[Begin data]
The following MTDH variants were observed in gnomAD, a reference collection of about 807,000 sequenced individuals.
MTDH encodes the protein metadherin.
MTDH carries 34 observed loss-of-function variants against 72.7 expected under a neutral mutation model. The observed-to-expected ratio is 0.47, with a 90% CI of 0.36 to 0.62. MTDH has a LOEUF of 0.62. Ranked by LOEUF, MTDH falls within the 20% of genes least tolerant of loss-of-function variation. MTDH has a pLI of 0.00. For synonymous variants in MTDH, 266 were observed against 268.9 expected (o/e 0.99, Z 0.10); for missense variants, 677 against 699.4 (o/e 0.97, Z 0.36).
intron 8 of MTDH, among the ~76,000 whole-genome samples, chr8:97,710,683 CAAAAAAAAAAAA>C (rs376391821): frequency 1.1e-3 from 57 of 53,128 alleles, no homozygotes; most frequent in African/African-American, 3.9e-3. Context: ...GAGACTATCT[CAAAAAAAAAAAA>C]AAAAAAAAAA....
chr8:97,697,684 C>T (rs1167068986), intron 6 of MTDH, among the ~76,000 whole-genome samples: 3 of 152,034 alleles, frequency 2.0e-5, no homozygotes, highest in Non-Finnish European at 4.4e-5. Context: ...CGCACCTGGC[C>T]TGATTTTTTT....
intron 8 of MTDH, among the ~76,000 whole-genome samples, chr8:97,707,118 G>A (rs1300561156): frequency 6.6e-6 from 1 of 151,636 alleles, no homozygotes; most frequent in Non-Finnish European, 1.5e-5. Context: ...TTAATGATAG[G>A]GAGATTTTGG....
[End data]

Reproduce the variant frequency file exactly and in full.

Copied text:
The following MTDH variants were observed in gnomAD, a reference collection of about 807,000 sequenced individuals.
MTDH encodes the protein metadherin.
MTDH carries 34 observed loss-of-function variants against 72.7 expected under a neutral mutation model. The observed-to-expected ratio is 0.47, with a 90% CI of 0.36 to 0.62. MTDH has a LOEUF of 0.62. Ranked by LOEUF, MTDH falls within the 20% of genes least tolerant of loss-of-function variation. MTDH has a pLI of 0.00. For synonymous variants in MTDH, 266 were observed against 268.9 expected (o/e 0.99, Z 0.10); for missense variants, 677 against 699.4 (o/e 0.97, Z 0.36).
intron 8 of MTDH, among the ~76,000 whole-genome samples, chr8:97,710,683 CAAAAAAAAAAAA>C (rs376391821): frequency 1.1e-3 from 57 of 53,128 alleles, no homozygotes; most frequent in African/African-American, 3.9e-3. Context: ...GAGACTATCT[CAAAAAAAAAAAA>C]AAAAAAAAAA....
chr8:97,697,684 C>T (rs1167068986), intron 6 of MTDH, among the ~76,000 whole-genome samples: 3 of 152,034 alleles, frequency 2.0e-5, no homozygotes, highest in Non-Finnish European at 4.4e-5. Context: ...CGCACCTGGC[C>T]TGATTTTTTT....
intron 8 of MTDH, among the ~76,000 whole-genome samples, chr8:97,707,118 G>A (rs1300561156): frequency 6.6e-6 from 1 of 151,636 alleles, no homozygotes; most frequent in Non-Finnish European, 1.5e-5. Context: ...TTAATGATAG[G>A]GAGATTTTGG....